Hailing from the bustling area of Rambagh in Srinagar, Nadiya Nighat has come a long way despite her young age. Nadiyaâ€™s footballing journey reflects not only the courage to dream big; but in the process shows the world how to shatter gender stereotypes. Fan of Brazilian star footballer, Ronaldo, Nighat not only rebelled to play football in the conservative society but emerged as Kashmir's first female football coach when she was just 19-years-old. She has not only turned the tide to her side but even has earned respect of her critics. Rising Kashmirâ€™s Special Correspondent, Yaqoob Ali spoke exclusively to the young and dynamic coach about her commitment to the game and her future prospects to develop the sport in a place like Kashmir.
Â Q: When did you start playing football?
Â I started playing football in 2007.Â I had a dream to represent my country at international platforms. In 2010, I played football at national level.
Q: How many tournaments have you participated in so far?
I have played under -19 in 2010, senior nationals in 2015, Indian womenâ€™s league Kalupur, Maharashtra, and I have served as J&K captain in senior nationals in 2018. Played Mumbai district league, played Karnataka State league 2020-2021 and recently played Delhi women football league in March 2021.
Q: How difficult was it for you to choose football as a career?
Since I started playing football in 2007, I was taunted for playing with boys. Even boys kept telling me that I should refrain from playing with them; sometimes these boys were also taunted for playing with me. I decided to trim my hair, I did a boys' cut. Now no one would notice my gender, it was till 2013 I kept facing such challenges. But after 2014 onwards, my parents came forward and started supporting me. People, who earlier used to raise questions about me, now ask me to take their wards along.
Q: Did your family support you?
Â Initially, they were not supportive, when I started playing football. I kept hiding from my parents. Once my mother found me playing with boys, she kept beating me on the way home. Then my father intervened and convinced her for allowing me to play.Â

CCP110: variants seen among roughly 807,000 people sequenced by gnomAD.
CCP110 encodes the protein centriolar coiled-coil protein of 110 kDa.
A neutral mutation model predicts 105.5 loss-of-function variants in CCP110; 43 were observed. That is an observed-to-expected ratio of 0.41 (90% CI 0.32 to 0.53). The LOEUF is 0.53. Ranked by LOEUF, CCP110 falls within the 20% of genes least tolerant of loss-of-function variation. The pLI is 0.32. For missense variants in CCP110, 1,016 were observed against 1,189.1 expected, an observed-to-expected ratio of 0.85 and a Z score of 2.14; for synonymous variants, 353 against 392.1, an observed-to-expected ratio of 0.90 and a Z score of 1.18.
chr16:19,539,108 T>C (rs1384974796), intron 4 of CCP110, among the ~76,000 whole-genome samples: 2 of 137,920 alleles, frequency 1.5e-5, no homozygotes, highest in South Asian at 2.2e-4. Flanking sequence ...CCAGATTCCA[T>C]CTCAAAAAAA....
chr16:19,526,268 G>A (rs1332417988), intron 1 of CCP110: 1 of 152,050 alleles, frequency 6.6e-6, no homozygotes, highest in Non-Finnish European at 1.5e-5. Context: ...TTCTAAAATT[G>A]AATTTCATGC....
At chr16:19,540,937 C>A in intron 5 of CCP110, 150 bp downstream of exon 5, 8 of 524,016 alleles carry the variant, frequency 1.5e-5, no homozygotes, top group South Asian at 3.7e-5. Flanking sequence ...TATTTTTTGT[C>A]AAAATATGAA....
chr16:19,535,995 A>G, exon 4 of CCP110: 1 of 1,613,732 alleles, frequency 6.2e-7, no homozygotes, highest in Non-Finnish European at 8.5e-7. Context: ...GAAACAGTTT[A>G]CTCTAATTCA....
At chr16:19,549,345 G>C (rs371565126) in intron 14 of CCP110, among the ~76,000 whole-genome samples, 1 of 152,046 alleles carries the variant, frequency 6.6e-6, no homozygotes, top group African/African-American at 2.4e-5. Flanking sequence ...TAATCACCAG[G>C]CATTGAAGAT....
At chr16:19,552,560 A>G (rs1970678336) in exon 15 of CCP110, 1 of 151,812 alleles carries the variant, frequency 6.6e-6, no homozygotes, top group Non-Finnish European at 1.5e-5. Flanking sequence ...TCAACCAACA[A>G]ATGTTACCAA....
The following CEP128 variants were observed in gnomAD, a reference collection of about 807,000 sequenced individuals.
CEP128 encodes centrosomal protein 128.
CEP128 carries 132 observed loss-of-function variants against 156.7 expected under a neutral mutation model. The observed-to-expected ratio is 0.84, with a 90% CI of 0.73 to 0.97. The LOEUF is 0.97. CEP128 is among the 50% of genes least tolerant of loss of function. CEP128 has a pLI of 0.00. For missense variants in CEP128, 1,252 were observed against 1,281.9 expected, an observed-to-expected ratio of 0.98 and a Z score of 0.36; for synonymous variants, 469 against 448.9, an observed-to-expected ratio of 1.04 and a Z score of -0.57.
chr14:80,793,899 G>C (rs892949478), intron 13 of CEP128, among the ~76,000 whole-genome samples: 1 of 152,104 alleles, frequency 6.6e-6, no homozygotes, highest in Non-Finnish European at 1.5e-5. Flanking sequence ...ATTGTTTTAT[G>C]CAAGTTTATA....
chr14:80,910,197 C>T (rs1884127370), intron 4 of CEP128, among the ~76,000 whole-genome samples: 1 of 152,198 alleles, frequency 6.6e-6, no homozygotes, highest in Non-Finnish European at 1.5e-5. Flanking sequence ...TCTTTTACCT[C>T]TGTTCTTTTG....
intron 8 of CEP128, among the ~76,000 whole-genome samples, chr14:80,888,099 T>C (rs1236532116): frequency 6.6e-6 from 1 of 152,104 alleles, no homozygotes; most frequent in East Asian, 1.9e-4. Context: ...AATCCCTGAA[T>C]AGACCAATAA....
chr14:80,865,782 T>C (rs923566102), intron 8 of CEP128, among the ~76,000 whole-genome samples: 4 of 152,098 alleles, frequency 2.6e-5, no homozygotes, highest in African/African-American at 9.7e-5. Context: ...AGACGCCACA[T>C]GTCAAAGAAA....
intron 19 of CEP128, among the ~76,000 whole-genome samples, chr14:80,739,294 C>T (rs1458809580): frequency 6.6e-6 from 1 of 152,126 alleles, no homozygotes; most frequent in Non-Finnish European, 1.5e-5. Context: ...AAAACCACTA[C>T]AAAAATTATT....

Q: What is your happiest moment?
One day when I was playing with other kids on the ground. My father called me and said that I was selected for the national level. Perhaps, thatâ€™s the moment which I will never forget. I never thought I would be selected for nationals.
Q: Do you play any other sports?
Yes, I was interested in boxing. In-fact, I have bagged gold medals at state level and also have participated in senior national level boxing.
Â Q: What motivated you to opt for football coaching?
At the age of 17, I once saw a post on social media where a person was searching for a football coach for his children. After I approached the person, he said to me, â€œhow come you can train /coach. You are yourself too young, what do you know about football? And I was told to go home.
It was in 2014 when I was barely 19 years; I met a person who showed me the road to Jammu And Kashmir Football Association. They guided and motivated me for opting for the grass root level coaching course. After completion of the coaching course, I started my own academy. I started with a single kid and soon I trained more than 40 children in different age groups.
Soon after I qualified C licenses in 2018, I got a job in Mumbai, I also have worked with U- 14 boys as a head coach, I also did three months coaching in Haryana, where Haryana stood as champions in 2019. I also worked with Lonestar and Real Kashmir; currently I am working with Lonestar womenâ€™s football academy.
Q: What was your motive behind opening the academy?
My motive for opening the academy was to train girls for which I tried many times. We got success after we launched a womenâ€™s football academy.
We recently launched Lonestar womenâ€™s football academy, in which we have set a target of covering most of the districts in Kashmir, and few from Jammu region.
Q: What courses did you do for becoming a professional coach?
I am the only girl in J&K who qualified AFC-C licenses in 2015, and even did NIS thereafter.
Q: Why don't parents encourage their daughters into sports as a career?
Parents think that their girls are not competent enough to play games like football. Parents should understand that winning and losing are two sides of the same coin; the important thing is participation in games.
I think, every parent wants to see their children secure and safe from every type of hardship, danger and injuries. As sports are usually prone to injuries, there are chances of getting injuries in most of the sports. Parents realize that girls are physically weaker than boys, but I believe it is through sports by which these girls can be made strong. It is the responsibility of every parent to take initiative in this direction.
Â Q: Finally, your message to youth?
First of all, I would request parents to permit their children to play football and other games. It is through these games their children will remain physically as well as mentally fit. To children, particularly girls, my message is if you want to opt for football academies like Real Kashmir FC and Lonestar FC are there for you, it is open for every age group.